9. 9
    Tree With Water says:

    Just because everyone will enjoy it (posted Deadspin.com) If you don’t, you’re dead inside:

    https://www.youtube.com/watch?feature=player_embedded&v=dB3XzIrvFHE

  10. 10
    Cacti says:

    @Betty Cracker:

    Is the rationale that people who are having affairs can be more easily blackmailed? I wonder how sound a rationale that is, if so.

    That is the rationale.

    No less than General Petraeus was swapping classified info for sexy time.

  11. 11
    shell says:

    The folks over at Free Republic were salivating over the hope that people in the government would be found to be subscribers. Felt like telling them, “You know there are Republicans in the government, dontcha?. A lot of them.”

  12. 12
    acallidryas says:

    I myself have used my work computer for such activities as coordinating dates with my husband or drinks with friends, accessing facebook, and even occasionally visiting and commenting on blogs.

    Unless it was someone directing the silly Healthy Marriage initiative at HHS, I remain unscandalized.

  13. 13
    kc says:

    Why wouldn’t the government have sites like this blocked, so employees can’t access them from work computers?

  14. 14
    Joel says:

    “Are you now or have you ever been a member of Ashley Madison…?”

  15. 15
    kc says:

    @Mike J:

    These are federal government employees, though. I would think the Departments of State and Defense would be a bit more strict about employees goofing off on their work computers.

  16. 16

    @Betty Cracker:

    It’s also what Cervantes said — nowadays it’s more to avoid problematic office romances and the complications thereof.

  17. 17
    FridayNext says:

    @shell:

    That’s what I don’t understand from the original post. I get that each executive agency “belongs” to the president in office, so technically they are “Obama’s.” On the other hand, if they are civil service positions and not appointees, which is the vast majority, they go to their daily jobs and do their thing no matter who is in office. That’s the whole point behind the civil service laws.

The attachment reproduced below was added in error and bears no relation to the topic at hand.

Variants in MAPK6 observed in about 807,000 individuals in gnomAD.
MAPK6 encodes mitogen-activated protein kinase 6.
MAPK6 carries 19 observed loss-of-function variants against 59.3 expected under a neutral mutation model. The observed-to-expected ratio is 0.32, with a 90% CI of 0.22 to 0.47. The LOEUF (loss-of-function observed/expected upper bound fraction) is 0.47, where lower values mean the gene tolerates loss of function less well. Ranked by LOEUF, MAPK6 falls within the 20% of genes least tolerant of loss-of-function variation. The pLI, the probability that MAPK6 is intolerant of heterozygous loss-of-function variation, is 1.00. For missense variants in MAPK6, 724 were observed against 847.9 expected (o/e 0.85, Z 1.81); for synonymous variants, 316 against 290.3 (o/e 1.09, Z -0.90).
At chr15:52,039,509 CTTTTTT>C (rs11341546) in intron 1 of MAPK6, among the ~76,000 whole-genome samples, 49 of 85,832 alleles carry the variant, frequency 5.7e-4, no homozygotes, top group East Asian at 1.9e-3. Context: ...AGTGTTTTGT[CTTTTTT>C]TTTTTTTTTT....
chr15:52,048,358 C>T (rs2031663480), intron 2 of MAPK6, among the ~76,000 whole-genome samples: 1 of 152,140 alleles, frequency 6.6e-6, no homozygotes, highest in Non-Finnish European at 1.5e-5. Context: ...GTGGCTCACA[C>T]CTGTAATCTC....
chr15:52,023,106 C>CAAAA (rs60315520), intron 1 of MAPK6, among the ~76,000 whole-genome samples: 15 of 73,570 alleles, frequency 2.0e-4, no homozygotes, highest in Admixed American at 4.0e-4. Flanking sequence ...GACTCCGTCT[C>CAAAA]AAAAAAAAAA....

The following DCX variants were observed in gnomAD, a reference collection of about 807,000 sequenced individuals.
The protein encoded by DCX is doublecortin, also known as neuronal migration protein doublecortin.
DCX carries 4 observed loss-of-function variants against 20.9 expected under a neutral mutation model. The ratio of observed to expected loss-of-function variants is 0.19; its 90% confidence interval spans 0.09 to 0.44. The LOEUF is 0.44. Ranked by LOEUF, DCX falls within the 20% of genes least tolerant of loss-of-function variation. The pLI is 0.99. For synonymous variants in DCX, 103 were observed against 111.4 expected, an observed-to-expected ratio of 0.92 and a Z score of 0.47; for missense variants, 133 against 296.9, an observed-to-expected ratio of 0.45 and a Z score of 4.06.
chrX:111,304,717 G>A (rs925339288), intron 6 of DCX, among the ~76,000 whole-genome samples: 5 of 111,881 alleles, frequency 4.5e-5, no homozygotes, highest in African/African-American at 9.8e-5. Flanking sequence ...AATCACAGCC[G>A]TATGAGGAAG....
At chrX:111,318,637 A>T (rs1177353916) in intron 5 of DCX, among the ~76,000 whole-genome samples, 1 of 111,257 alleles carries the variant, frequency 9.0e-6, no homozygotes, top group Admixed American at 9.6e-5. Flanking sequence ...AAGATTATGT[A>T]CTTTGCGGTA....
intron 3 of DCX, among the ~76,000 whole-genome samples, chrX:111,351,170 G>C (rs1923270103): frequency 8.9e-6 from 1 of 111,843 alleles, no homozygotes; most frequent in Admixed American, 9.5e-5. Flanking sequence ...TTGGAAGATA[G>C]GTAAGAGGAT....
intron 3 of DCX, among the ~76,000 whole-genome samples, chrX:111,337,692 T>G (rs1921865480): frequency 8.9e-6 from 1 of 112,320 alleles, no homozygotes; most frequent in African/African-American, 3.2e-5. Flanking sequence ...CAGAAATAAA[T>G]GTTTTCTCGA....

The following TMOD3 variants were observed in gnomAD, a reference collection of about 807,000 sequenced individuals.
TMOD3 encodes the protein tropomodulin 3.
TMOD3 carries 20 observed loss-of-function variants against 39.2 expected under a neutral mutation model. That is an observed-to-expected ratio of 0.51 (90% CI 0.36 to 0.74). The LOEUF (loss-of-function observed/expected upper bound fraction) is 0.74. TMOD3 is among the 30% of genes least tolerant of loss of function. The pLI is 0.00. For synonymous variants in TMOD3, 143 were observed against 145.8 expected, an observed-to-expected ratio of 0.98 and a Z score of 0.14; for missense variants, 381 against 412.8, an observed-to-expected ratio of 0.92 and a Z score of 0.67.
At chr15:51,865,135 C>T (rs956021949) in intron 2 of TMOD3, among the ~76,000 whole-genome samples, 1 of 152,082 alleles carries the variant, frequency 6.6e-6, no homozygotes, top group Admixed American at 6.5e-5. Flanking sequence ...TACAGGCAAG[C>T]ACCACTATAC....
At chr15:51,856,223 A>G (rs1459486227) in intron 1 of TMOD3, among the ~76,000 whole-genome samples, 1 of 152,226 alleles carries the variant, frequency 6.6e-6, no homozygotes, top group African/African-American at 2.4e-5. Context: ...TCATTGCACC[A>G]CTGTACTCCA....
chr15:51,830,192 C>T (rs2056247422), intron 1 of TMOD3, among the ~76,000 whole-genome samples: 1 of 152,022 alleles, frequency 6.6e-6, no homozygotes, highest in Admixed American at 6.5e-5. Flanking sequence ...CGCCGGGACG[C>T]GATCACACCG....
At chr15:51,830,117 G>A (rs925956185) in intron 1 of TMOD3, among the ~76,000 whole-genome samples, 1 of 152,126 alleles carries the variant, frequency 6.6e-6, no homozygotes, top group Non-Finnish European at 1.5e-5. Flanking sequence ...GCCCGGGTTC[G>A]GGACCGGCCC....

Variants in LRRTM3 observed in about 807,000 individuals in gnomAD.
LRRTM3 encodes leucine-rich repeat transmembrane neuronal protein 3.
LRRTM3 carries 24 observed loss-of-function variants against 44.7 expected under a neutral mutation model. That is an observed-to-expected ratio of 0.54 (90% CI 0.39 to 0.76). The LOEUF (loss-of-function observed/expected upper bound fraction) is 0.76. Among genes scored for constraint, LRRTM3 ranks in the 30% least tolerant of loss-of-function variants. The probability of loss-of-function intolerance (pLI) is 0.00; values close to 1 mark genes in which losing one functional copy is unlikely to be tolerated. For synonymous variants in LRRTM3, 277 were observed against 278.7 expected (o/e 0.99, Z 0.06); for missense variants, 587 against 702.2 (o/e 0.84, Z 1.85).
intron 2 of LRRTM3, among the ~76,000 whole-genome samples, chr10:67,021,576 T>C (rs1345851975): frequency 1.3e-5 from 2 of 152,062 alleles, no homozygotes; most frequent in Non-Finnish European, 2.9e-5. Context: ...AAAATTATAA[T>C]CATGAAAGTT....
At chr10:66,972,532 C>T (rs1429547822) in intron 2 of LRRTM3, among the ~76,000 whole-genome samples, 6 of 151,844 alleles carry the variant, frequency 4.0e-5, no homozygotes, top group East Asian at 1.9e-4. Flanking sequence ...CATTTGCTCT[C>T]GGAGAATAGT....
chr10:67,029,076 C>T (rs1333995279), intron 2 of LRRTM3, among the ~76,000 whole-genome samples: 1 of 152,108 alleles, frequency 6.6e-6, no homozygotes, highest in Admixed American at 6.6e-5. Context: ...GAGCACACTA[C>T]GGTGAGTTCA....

But somehow they will make this all about Obama, even though many of these people got, and performed, their jobs under Bush, Clinton, Bush, etc etc etc

  18. 18
    Mike J says:

    @kc: These are people that work in offices filling out spreadsheets. They’re going to do exactly the same amount of goofing off at work that people at IBM or Citi Bank or Kmart do.

  19. 19
    kc says:

    John McEnroe thinking he can actually beat Serena Williams in a match,

    Ha! Now that would be interesting to see.

    I’d be rooting for Serena, of course . . .

  20. 20
    Cervantes says:

    @Betty Cracker:

    Is the rationale that people who are having affairs can be more easily blackmailed? I wonder how sound a rationale that is, if so.

    Yes, that’s part of the rationale and I think it’s pretty sound.

    But it seems kinda creepy for an employer to get all up in an employee’s business like that.

    But you’d agree that the services are not a typical employer.